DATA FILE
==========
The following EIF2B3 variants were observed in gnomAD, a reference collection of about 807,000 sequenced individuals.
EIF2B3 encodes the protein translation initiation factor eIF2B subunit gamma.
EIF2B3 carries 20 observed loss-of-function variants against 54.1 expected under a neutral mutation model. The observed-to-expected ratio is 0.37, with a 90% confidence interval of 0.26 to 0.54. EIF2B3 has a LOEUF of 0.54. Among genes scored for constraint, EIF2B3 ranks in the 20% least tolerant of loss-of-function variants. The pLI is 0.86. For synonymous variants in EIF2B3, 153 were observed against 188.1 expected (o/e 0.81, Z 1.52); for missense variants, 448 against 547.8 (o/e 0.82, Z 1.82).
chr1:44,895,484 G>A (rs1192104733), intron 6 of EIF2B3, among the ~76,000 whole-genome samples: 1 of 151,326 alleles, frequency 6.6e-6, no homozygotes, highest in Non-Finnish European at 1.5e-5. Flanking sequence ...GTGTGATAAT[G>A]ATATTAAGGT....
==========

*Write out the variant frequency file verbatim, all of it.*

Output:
The following EIF2B3 variants were observed in gnomAD, a reference collection of about 807,000 sequenced individuals.
EIF2B3 encodes the protein translation initiation factor eIF2B subunit gamma.
EIF2B3 carries 20 observed loss-of-function variants against 54.1 expected under a neutral mutation model. The observed-to-expected ratio is 0.37, with a 90% confidence interval of 0.26 to 0.54. EIF2B3 has a LOEUF of 0.54. Among genes scored for constraint, EIF2B3 ranks in the 20% least tolerant of loss-of-function variants. The pLI is 0.86. For synonymous variants in EIF2B3, 153 were observed against 188.1 expected (o/e 0.81, Z 1.52); for missense variants, 448 against 547.8 (o/e 0.82, Z 1.82).
chr1:44,895,484 G>A (rs1192104733), intron 6 of EIF2B3, among the ~76,000 whole-genome samples: 1 of 151,326 alleles, frequency 6.6e-6, no homozygotes, highest in Non-Finnish European at 1.5e-5. Flanking sequence ...GTGTGATAAT[G>A]ATATTAAGGT....